Sanxingdui & Jinsha May 2017

Sanxingdui 三星堆 is the name of the archaeological site outside Chengdu of a previously unknown Bronze Age culture.  The site is believed to be a major ancient walled city on the banks of the Minjiang River dating from the 11th century BC.  Archaeologists are identifying it with the ancient kingdom of Shu before the Qin conquest.  According to the Chronicles of Huayang from the Jin Dynasty (265-420 AD), the Shu Kingdom was founded by Cancong who was described to have protruding eyes which is a feature found in the bronze sculptures of Sanxingdui.  Many of the objects excavated at the site are fish and bird shaped, theorized to be totems of other rulers from the Shu Kingdom with names meaning fish or bird.  Archaeologists were surprised to find here an artistic style that was foreign to the history of Chinese art and in effect defies the traditional theory that the Yellow River was the sole “cradle of Chinese civilization.”

DSCF4248Sanxingdui Museum


In 1929, a peasant uncovered some jade and stone artifacts while repairing a sewage ditch in the Sanxingdui site.  However, no significant excavation was conducted until 1986 when two pits filled with thousands of artifacts that had been broken, burned, and then carefully buried were discovered.  Amongst the finds at Sanxingdui is the world’s oldest bronze life-size standing human statue measuring 8 feet.  The most interesting finds were dozens of large bronze masks with gold foils which have angular human features and protruding eyes, almost alien-like, believed to be used in the ceremony to honor dead ancestors.  These artifacts were created using advanced bronze casting technology which added lead to a combination of copper and tin in order to create a stronger substance to make larger and heavier objects.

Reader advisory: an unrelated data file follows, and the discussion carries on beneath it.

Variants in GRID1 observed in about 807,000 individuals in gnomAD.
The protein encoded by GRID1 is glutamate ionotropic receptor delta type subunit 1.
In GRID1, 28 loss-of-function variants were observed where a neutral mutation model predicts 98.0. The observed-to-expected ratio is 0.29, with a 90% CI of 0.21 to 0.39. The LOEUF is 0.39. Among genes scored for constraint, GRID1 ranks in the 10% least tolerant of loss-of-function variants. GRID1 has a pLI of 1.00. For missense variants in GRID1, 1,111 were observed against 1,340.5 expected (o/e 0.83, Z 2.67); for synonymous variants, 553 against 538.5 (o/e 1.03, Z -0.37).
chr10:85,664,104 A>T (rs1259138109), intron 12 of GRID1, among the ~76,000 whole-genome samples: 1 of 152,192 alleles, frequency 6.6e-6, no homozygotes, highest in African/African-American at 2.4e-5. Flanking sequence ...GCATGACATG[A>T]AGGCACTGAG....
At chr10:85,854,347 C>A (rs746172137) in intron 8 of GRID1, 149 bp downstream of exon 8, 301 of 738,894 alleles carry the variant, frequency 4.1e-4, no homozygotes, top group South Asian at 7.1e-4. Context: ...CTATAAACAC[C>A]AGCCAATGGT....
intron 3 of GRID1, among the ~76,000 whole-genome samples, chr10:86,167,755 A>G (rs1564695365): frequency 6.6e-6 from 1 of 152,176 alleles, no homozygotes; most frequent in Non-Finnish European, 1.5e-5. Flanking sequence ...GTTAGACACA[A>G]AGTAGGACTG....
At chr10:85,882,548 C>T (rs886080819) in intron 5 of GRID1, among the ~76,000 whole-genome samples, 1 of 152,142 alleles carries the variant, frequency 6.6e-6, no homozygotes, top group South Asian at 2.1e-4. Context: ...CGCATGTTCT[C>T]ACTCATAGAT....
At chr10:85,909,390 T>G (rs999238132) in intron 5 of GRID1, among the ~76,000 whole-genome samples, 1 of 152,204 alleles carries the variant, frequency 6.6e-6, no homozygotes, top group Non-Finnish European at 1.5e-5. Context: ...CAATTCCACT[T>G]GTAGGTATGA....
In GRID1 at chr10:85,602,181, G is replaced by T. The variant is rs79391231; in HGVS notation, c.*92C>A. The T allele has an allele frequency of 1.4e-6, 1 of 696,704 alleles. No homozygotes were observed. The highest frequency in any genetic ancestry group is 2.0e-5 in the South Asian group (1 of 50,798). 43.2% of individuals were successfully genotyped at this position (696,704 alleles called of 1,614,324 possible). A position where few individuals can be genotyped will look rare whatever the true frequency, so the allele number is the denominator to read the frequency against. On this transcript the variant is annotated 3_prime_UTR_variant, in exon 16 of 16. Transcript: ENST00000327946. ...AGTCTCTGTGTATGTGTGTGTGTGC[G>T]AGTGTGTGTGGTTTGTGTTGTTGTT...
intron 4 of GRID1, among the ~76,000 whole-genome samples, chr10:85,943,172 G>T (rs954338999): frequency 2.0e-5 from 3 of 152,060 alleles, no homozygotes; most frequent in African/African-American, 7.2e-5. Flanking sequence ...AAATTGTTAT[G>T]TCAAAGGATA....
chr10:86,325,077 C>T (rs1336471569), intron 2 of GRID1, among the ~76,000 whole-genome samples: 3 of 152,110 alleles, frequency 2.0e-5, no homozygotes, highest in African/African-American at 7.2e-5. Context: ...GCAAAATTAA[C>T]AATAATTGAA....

DSCF4277This is the largest mask at the museum at 1.34 m wide and 65 cm tall and weighs 10 kg.

DSCF4259The Bronze Tree of Sanxingdui depicting the Genesis Tree of the Knowledge of Good and Evil.


DSCF4309World’s largest and best preserved bronze upright human figure measuring 8 feet tall.


DSCF4323Sanxingdui Museum set amongst a beautiful park and pools of water.


DSCF4334Nearby is the original site of the 2 excavated pits.

It is speculated that either natural disasters (flood or earthquakes) or conquest by another culture contributed to Sanxingdui civilization’s demise 2,800 to 3,000 years ago.
Within the city of Chengdu is Jinsha Site Museum located in the Qingyang District about 50 km away from Sanxingdui.  The artifacts and bronze objects found in Jinsha archeological site share similarities with those found in the Sanxingdui site.  It is believed that Jinsha culture (1200-650 BC) was the final phase of Sanxingdui culture and that it was relocated here from the original site during the ancient Shu Kingdom.

DSCF3957Jinsha Site

DSCF3961Jinsha Museum


DSCF3973The Jinsha mask has similar features as the ones found in Sanxingdui.

Without any inscriptions at the Sanxingdui site and no mention of this ancient culture in any historical text, the Sanxingdui civilization remains an enigma.  Where did these people go?  What did they look like?  Could it be a Westerner who happened to wander into this area and became revered as a god because the tall nose and big eyes could be Western features?  Excavations are ongoing and hopefully very soon, we will get some answers.

Next post will be on the Dujiangyan Irrigation System and Mount Qingcheng.  Stay tuned!


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